NCSA stepping up drug education in the workplace

The National Council on Substance Abuse (NCSA) is implementing more initiatives targeting the workplaces.

The council is furthering education and awareness under the theme ‘Our Workplace, Our Future: Our Future, Our Workplace’ in recognition of Drug Awareness Month, which is observed in January.

The Barbados Drug Information Network (BARDIN) Report indicated that “productive citizens, persons under the age of 65”, are some of the most negatively impacted by substance use and abuse.

Public Relations consultant Deanzer Roberts said that as a result of the findings, the organisation intended to focus on the workforce and heighten employers’ awareness of the services offered by the NCSA, including assistance with the development of workplace drug policies, as well as greater substance abuse education and counselling.

“Rapid assessments to investigate if there is a substance use or abuse issues present in the workplace, would allow the council to remedy any issue with an evidence-based approach,” she said.

Roberts added that the council would be targeting stakeholder organisations such as the Barbados Small Business Association, Barbados Employers Confederation, Barbados Coalition of Service Industries and Barbados Chamber of Commerce and Industry.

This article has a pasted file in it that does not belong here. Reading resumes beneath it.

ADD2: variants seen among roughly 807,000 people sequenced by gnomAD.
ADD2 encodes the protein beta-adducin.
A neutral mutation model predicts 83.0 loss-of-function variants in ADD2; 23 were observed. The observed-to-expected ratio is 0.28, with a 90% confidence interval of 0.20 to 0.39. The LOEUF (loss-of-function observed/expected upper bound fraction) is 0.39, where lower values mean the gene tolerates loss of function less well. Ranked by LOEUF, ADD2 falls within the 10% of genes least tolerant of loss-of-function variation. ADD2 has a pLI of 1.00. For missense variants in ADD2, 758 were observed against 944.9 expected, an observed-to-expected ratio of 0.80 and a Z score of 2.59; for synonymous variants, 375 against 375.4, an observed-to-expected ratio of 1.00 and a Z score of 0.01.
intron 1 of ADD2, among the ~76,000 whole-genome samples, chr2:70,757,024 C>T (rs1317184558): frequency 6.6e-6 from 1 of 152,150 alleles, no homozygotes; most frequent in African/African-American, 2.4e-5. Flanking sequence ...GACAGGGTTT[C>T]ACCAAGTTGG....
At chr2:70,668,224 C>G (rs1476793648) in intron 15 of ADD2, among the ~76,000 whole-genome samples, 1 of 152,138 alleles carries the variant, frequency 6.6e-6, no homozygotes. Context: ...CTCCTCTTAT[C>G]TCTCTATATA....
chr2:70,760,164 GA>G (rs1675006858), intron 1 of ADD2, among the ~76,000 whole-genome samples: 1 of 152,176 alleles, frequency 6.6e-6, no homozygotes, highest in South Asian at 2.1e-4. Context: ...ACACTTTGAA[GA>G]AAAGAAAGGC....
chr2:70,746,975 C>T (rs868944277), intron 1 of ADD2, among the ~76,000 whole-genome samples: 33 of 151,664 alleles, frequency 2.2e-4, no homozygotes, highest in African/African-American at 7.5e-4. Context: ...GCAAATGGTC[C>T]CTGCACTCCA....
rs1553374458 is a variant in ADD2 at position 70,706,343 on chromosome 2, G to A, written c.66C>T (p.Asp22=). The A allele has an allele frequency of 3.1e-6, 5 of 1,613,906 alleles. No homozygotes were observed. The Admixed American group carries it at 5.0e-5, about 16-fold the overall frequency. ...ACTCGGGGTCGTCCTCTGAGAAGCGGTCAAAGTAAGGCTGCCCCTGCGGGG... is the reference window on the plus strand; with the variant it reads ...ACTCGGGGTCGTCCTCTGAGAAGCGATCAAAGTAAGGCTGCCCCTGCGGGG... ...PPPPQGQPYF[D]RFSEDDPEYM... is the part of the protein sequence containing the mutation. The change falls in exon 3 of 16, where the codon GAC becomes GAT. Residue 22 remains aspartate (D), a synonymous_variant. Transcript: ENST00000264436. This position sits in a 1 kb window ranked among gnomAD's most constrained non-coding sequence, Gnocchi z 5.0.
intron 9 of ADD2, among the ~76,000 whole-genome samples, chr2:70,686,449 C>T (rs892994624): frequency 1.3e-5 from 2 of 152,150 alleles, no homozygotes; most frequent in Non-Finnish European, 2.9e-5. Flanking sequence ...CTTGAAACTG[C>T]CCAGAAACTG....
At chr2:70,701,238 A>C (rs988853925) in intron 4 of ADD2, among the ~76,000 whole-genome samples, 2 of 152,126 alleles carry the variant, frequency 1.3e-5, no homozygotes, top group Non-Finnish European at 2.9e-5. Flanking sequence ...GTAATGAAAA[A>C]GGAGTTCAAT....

“We will be conducting a series of awareness presentations which will highlight our services, highlighting our research findings, hosting a panel discussion on the differences between recreational and medicinal cannabis as well as conducting interventions with various organisations during our month of activities,” she said.

Organisations would also be encouraged to become Recovery Friendly Workplaces (RFWs) to promote a healthy, safe and productive work environment for those impacted by substance abuse.

Listing several benefits, Roberts said the introduction of RFWs would lead to improved employee morale, engagement and productivity as well as decreases in absenteeism, accidents, downtime and turnover. It would also minimise healthcare costs.

Additional research data suggested that alcohol, marijuana and cocaine continue to be the dominant substances of choice, but the local drug situation is slowly diversifying with the emergence of substances such as ecstasy, methamphetamine and various prescription drugs.

However their presence remained minimal in comparison.

Additionally, the data indicated that the majority of people who sought treatment for substance use disorders in Barbados were typically age 40 and under. Males seeking treatment also far outnumbered their female counterparts.

Roberts suggested that it might be due in part to various treatment barriers experienced by women, such as the lack of child care or fear of stigmatisation. She stated that it should not be taken as an indication that men are more in need of treatment in Barbados.

Consideration, she said, would also need to be given to high-risk periods in a person’s life including adolescence and periods of transition such as changing schools or jobs, marriage, divorce, death of a loved one, and job loss, as these are typically associated with increased risk for drug use and abuse. (JK)

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